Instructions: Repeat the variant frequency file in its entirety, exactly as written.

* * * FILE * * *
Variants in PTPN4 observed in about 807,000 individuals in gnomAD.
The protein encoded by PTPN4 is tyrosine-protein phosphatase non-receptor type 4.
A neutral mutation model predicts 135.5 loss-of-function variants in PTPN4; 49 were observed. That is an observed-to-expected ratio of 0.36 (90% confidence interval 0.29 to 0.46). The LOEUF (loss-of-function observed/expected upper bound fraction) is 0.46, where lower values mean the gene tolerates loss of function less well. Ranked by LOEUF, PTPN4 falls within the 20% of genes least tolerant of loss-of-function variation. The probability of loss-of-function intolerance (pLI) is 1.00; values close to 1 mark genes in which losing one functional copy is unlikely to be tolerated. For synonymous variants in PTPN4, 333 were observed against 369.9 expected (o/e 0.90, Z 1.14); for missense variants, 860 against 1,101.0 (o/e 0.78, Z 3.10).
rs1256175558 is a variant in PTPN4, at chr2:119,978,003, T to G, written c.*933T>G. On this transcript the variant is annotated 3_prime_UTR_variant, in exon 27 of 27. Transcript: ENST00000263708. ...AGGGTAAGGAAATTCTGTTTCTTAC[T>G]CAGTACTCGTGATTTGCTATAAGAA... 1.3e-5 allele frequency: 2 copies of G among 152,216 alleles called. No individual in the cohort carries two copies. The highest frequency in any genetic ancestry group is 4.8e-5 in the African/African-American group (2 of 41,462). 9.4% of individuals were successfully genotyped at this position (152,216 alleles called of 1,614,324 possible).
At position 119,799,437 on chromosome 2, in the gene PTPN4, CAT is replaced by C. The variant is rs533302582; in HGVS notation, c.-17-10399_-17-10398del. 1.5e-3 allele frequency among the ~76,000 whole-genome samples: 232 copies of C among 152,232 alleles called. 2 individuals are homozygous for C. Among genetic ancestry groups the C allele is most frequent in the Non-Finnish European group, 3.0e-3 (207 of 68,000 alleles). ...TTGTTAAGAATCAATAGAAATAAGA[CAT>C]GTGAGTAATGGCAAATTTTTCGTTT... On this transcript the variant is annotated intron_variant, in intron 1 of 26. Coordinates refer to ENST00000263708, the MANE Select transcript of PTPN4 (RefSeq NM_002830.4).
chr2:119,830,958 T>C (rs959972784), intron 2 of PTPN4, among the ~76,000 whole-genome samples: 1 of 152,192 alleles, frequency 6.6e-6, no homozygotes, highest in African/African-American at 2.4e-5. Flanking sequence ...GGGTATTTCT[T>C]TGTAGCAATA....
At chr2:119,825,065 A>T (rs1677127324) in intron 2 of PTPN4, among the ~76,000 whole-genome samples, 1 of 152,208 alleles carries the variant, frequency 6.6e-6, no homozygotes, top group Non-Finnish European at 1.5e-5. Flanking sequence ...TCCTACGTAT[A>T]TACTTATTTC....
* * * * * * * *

Variants in PTPN4 observed in about 807,000 individuals in gnomAD.
The protein encoded by PTPN4 is tyrosine-protein phosphatase non-receptor type 4.
A neutral mutation model predicts 135.5 loss-of-function variants in PTPN4; 49 were observed. That is an observed-to-expected ratio of 0.36 (90% confidence interval 0.29 to 0.46). The LOEUF (loss-of-function observed/expected upper bound fraction) is 0.46, where lower values mean the gene tolerates loss of function less well. Ranked by LOEUF, PTPN4 falls within the 20% of genes least tolerant of loss-of-function variation. The probability of loss-of-function intolerance (pLI) is 1.00; values close to 1 mark genes in which losing one functional copy is unlikely to be tolerated. For synonymous variants in PTPN4, 333 were observed against 369.9 expected (o/e 0.90, Z 1.14); for missense variants, 860 against 1,101.0 (o/e 0.78, Z 3.10).
rs1256175558 is a variant in PTPN4, at chr2:119,978,003, T to G, written c.*933T>G. On this transcript the variant is annotated 3_prime_UTR_variant, in exon 27 of 27. Transcript: ENST00000263708. ...AGGGTAAGGAAATTCTGTTTCTTAC[T>G]CAGTACTCGTGATTTGCTATAAGAA... 1.3e-5 allele frequency: 2 copies of G among 152,216 alleles called. No individual in the cohort carries two copies. The highest frequency in any genetic ancestry group is 4.8e-5 in the African/African-American group (2 of 41,462). 9.4% of individuals were successfully genotyped at this position (152,216 alleles called of 1,614,324 possible).
At position 119,799,437 on chromosome 2, in the gene PTPN4, CAT is replaced by C. The variant is rs533302582; in HGVS notation, c.-17-10399_-17-10398del. 1.5e-3 allele frequency among the ~76,000 whole-genome samples: 232 copies of C among 152,232 alleles called. 2 individuals are homozygous for C. Among genetic ancestry groups the C allele is most frequent in the Non-Finnish European group, 3.0e-3 (207 of 68,000 alleles). ...TTGTTAAGAATCAATAGAAATAAGA[CAT>C]GTGAGTAATGGCAAATTTTTCGTTT... On this transcript the variant is annotated intron_variant, in intron 1 of 26. Coordinates refer to ENST00000263708, the MANE Select transcript of PTPN4 (RefSeq NM_002830.4).
chr2:119,830,958 T>C (rs959972784), intron 2 of PTPN4, among the ~76,000 whole-genome samples: 1 of 152,192 alleles, frequency 6.6e-6, no homozygotes, highest in African/African-American at 2.4e-5. Flanking sequence ...GGGTATTTCT[T>C]TGTAGCAATA....
At chr2:119,825,065 A>T (rs1677127324) in intron 2 of PTPN4, among the ~76,000 whole-genome samples, 1 of 152,208 alleles carries the variant, frequency 6.6e-6, no homozygotes, top group Non-Finnish European at 1.5e-5. Flanking sequence ...TCCTACGTAT[A>T]TACTTATTTC....